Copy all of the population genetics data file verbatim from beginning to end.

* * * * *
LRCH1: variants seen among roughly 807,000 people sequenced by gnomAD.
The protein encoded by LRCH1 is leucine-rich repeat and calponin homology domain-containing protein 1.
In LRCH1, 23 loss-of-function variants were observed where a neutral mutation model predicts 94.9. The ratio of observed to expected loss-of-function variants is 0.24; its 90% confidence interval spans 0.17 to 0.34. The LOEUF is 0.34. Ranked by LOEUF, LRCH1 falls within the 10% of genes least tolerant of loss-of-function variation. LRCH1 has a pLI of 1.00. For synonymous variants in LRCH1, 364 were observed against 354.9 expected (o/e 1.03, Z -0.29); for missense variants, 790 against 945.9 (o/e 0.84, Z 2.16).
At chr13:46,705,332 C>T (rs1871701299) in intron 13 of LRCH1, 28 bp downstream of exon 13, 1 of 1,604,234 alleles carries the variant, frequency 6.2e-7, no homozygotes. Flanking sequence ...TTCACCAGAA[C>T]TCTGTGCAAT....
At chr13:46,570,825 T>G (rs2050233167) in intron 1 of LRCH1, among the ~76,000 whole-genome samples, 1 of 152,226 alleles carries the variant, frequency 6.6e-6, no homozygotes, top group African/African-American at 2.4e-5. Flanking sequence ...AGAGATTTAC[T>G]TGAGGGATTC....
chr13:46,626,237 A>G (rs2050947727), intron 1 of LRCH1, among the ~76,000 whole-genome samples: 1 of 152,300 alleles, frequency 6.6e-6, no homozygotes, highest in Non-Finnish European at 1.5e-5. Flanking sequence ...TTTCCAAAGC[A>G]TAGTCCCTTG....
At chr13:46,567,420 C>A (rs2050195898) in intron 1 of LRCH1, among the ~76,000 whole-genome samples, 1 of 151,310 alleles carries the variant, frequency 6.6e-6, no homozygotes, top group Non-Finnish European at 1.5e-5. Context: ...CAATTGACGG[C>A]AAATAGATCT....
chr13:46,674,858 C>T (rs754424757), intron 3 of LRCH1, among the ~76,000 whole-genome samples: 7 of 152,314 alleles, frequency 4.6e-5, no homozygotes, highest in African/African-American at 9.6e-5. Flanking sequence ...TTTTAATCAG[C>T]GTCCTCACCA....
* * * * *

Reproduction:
LRCH1: variants seen among roughly 807,000 people sequenced by gnomAD.
The protein encoded by LRCH1 is leucine-rich repeat and calponin homology domain-containing protein 1.
In LRCH1, 23 loss-of-function variants were observed where a neutral mutation model predicts 94.9. The ratio of observed to expected loss-of-function variants is 0.24; its 90% confidence interval spans 0.17 to 0.34. The LOEUF is 0.34. Ranked by LOEUF, LRCH1 falls within the 10% of genes least tolerant of loss-of-function variation. LRCH1 has a pLI of 1.00. For synonymous variants in LRCH1, 364 were observed against 354.9 expected (o/e 1.03, Z -0.29); for missense variants, 790 against 945.9 (o/e 0.84, Z 2.16).
At chr13:46,705,332 C>T (rs1871701299) in intron 13 of LRCH1, 28 bp downstream of exon 13, 1 of 1,604,234 alleles carries the variant, frequency 6.2e-7, no homozygotes. Flanking sequence ...TTCACCAGAA[C>T]TCTGTGCAAT....
At chr13:46,570,825 T>G (rs2050233167) in intron 1 of LRCH1, among the ~76,000 whole-genome samples, 1 of 152,226 alleles carries the variant, frequency 6.6e-6, no homozygotes, top group African/African-American at 2.4e-5. Flanking sequence ...AGAGATTTAC[T>G]TGAGGGATTC....
chr13:46,626,237 A>G (rs2050947727), intron 1 of LRCH1, among the ~76,000 whole-genome samples: 1 of 152,300 alleles, frequency 6.6e-6, no homozygotes, highest in Non-Finnish European at 1.5e-5. Flanking sequence ...TTTCCAAAGC[A>G]TAGTCCCTTG....
At chr13:46,567,420 C>A (rs2050195898) in intron 1 of LRCH1, among the ~76,000 whole-genome samples, 1 of 151,310 alleles carries the variant, frequency 6.6e-6, no homozygotes, top group Non-Finnish European at 1.5e-5. Context: ...CAATTGACGG[C>A]AAATAGATCT....
chr13:46,674,858 C>T (rs754424757), intron 3 of LRCH1, among the ~76,000 whole-genome samples: 7 of 152,314 alleles, frequency 4.6e-5, no homozygotes, highest in African/African-American at 9.6e-5. Flanking sequence ...TTTTAATCAG[C>T]GTCCTCACCA....